Get tips on making fixes around the house.
If glass block mortar gets moldy, it’s time to hire a pro
Q: My master bath shower has a “snail” entry with glass blocks comprising two sides of the entry. A few of the glass blocks on the bottom row have gotten mold or mildew in them. Since the glass blocks are sealed, how do I get at the mold in order to clean it out? How did it get in there to begin with?
A: If the mildew is indeed inside the block itself and not in the surrounding mortar, the block has likely lost its seal and would need to be removed and replaced as there is no way to gain entry to the interior of the block to disinfect and reseal it.
If the mildew is in the surrounding mortar joints, the mortar will need to be scraped out, the area thoroughly disinfected then re-mortared. After the mortar cures, it will require a couple coats of a good silicone sealer to protect it.
We’ve seen a lot of glass block shower enclosures with moldy mortar around the blocks, but can’t say we’ve ever seen a block with the mold on the inside of the block itself. They’re typically pretty tightly sealed at the factory. So take a good look at the area because what you may be seeing is the mold in the mortar as seen through the edge of the block, not inside the block itself.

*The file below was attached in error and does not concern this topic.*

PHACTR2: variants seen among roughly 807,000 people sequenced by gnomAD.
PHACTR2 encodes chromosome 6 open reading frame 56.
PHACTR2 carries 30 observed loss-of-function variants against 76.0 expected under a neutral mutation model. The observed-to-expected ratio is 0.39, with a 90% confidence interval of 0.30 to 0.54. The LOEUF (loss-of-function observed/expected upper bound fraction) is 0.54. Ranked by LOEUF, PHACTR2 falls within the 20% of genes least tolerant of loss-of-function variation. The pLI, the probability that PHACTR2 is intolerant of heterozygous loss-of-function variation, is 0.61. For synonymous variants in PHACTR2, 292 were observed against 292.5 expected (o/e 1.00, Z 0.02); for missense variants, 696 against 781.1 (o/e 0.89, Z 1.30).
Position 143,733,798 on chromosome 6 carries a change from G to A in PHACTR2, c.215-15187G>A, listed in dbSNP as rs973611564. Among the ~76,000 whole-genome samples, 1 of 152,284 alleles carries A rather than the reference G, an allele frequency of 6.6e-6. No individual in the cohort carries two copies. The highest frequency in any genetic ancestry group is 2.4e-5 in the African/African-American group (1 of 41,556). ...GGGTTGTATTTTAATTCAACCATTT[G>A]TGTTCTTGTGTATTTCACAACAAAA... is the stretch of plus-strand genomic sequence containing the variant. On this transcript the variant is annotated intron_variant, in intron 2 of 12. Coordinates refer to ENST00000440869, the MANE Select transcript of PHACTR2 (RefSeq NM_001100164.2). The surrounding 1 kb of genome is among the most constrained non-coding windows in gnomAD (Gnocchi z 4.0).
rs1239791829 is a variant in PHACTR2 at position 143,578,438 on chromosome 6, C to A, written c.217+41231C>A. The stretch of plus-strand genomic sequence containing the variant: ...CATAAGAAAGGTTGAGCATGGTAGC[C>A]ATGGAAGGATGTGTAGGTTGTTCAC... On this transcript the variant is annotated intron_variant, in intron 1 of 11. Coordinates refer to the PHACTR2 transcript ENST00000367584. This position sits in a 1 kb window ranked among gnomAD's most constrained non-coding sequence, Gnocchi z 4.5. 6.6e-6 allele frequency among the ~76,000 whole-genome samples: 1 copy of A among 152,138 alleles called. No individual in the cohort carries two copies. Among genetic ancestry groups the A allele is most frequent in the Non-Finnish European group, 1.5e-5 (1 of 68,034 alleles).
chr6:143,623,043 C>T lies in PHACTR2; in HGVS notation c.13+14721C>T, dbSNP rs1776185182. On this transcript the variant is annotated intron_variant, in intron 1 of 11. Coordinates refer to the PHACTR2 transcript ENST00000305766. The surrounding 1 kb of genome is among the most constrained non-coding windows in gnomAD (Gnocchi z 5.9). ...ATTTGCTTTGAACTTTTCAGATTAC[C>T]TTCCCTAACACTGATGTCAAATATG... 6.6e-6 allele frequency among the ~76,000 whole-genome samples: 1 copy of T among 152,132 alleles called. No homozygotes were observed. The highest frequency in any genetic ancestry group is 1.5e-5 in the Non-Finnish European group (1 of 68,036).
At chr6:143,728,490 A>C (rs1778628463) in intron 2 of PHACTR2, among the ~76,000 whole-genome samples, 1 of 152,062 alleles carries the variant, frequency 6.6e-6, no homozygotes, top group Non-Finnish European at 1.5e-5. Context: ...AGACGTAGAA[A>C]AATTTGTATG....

These repairs are not the normal DIY kind of project and should be done by a licensed tile installation company that uses glass block in the normal course of their shower tile work, or a good masonry contractor familiar with this situation as an alternative. Glass blocks are very durable, but if not dealt with carefully, they can break and cause flying glass particles, so this kind of repair is not something we recommend homeowners undertake.
Get rid of grubs without poisons
Q: I have a major grub problem in my yard. My flowers always die and when I pull them out of the ground, I always find lots of grubs among the roots. I had been using beneficial nematodes but they haven’t helped. How can I get rid of the grubs without using poison?
A: You can try mixing diatomaceous earth into the soil of your garden. Diatomaceous earth contains the tiny remains of diatoms, a type of hard-shelled algae.
If that doesn’t work, try solarizing your flower bed. In that process you remove the plants from the bed, till the soil, and then water heavily to two feet down. Then spread clear plastic over the soil. Weight down the plastic to keep it in place. Leave the plastic over the area all summer, and by fall, the grubs should be gone.